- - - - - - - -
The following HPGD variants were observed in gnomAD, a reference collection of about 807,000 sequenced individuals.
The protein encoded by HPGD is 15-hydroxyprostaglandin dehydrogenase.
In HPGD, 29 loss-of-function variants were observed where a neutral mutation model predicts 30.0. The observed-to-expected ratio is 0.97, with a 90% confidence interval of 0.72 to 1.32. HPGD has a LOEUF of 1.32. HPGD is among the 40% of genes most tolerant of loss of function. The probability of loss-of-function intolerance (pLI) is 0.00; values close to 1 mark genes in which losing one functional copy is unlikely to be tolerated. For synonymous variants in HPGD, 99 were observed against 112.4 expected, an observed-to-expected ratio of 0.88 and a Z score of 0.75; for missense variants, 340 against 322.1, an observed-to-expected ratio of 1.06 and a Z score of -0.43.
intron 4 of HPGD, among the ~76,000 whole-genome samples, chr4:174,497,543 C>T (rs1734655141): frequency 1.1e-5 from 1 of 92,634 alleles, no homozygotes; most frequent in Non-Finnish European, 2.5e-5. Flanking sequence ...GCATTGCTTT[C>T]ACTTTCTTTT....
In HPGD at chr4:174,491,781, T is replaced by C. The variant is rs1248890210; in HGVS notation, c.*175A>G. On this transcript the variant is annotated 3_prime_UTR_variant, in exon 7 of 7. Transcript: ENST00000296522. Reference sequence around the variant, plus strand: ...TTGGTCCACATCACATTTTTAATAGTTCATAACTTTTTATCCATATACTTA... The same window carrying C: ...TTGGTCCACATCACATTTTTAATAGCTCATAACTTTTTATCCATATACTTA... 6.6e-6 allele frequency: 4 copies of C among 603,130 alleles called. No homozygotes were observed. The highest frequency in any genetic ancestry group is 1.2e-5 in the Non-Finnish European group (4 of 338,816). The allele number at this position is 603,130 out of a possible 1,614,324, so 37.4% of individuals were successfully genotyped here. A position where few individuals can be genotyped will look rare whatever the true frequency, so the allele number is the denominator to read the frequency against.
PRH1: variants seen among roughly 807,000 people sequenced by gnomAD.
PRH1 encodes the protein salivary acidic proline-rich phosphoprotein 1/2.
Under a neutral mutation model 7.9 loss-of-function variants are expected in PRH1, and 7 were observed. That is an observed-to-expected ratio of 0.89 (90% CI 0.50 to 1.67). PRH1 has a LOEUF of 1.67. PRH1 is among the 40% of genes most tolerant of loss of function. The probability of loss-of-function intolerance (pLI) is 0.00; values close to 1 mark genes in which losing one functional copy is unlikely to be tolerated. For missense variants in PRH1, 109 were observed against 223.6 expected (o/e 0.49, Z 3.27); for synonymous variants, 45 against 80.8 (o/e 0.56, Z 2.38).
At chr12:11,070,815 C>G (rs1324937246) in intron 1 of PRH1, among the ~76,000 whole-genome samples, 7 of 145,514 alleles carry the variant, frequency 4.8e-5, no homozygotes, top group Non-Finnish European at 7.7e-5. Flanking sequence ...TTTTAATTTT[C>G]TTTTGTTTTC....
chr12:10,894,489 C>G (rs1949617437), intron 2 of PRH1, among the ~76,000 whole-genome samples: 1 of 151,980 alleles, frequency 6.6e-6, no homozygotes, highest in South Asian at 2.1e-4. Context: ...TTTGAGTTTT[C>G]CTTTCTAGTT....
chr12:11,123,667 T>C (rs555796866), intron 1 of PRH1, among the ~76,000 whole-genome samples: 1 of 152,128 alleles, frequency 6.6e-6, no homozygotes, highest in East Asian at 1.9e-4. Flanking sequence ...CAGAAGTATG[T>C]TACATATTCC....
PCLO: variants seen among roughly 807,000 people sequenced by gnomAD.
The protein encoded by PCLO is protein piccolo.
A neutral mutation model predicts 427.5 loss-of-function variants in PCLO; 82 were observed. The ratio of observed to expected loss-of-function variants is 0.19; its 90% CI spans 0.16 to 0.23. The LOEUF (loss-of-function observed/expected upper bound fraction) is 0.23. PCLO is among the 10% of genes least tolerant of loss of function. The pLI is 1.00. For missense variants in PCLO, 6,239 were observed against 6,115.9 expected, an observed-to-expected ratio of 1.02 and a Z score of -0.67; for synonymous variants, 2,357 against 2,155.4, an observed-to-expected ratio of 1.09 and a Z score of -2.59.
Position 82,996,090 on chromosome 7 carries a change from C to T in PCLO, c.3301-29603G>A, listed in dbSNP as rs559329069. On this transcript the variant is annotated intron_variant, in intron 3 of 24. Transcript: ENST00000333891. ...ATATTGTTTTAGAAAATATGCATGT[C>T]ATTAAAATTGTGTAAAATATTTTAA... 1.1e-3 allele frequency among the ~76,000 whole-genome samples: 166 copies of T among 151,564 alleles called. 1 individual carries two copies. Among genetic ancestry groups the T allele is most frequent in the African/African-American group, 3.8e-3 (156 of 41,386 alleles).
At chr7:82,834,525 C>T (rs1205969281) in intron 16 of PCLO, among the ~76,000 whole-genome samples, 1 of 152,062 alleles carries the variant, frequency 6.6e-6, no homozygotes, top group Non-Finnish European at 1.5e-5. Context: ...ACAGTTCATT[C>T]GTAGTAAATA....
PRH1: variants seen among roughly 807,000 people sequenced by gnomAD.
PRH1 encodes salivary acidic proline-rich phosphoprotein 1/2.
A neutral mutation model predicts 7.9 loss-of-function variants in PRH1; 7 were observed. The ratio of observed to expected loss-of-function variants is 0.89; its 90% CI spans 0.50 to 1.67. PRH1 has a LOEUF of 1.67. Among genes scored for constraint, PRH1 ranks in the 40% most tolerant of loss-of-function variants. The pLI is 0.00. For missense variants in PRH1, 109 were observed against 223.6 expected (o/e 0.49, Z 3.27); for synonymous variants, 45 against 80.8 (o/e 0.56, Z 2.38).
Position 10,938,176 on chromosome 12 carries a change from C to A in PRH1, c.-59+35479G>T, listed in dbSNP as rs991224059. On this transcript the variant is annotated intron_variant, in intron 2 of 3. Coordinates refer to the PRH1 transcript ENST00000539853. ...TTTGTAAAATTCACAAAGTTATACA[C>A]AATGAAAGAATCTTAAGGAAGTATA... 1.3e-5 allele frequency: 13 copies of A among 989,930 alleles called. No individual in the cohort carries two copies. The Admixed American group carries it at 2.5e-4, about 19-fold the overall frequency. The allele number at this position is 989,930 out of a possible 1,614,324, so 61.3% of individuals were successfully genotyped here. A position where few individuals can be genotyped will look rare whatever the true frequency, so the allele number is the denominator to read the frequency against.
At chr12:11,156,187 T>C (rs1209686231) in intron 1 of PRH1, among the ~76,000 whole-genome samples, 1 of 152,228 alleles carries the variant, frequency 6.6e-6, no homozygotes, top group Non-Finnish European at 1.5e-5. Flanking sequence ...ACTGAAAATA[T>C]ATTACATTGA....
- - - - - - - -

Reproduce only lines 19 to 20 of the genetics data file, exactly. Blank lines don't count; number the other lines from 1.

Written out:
A neutral mutation model predicts 7.9 loss-of-function variants in PRH1; 7 were observed. The ratio of observed to expected loss-of-function variants is 0.89; its 90% CI spans 0.50 to 1.67. PRH1 has a LOEUF of 1.67. Among genes scored for constraint, PRH1 ranks in the 40% most tolerant of loss-of-function variants. The pLI is 0.00. For missense variants in PRH1, 109 were observed against 223.6 expected (o/e 0.49, Z 3.27); for synonymous variants, 45 against 80.8 (o/e 0.56, Z 2.38).
Position 10,938,176 on chromosome 12 carries a change from C to A in PRH1, c.-59+35479G>T, listed in dbSNP as rs991224059. On this transcript the variant is annotated intron_variant, in intron 2 of 3. Coordinates refer to the PRH1 transcript ENST00000539853. ...TTTGTAAAATTCACAAAGTTATACA[C>A]AATGAAAGAATCTTAAGGAAGTATA... 1.3e-5 allele frequency: 13 copies of A among 989,930 alleles called. No individual in the cohort carries two copies. The Admixed American group carries it at 2.5e-4, about 19-fold the overall frequency. The allele number at this position is 989,930 out of a possible 1,614,324, so 61.3% of individuals were successfully genotyped here. A position where few individuals can be genotyped will look rare whatever the true frequency, so the allele number is the denominator to read the frequency against.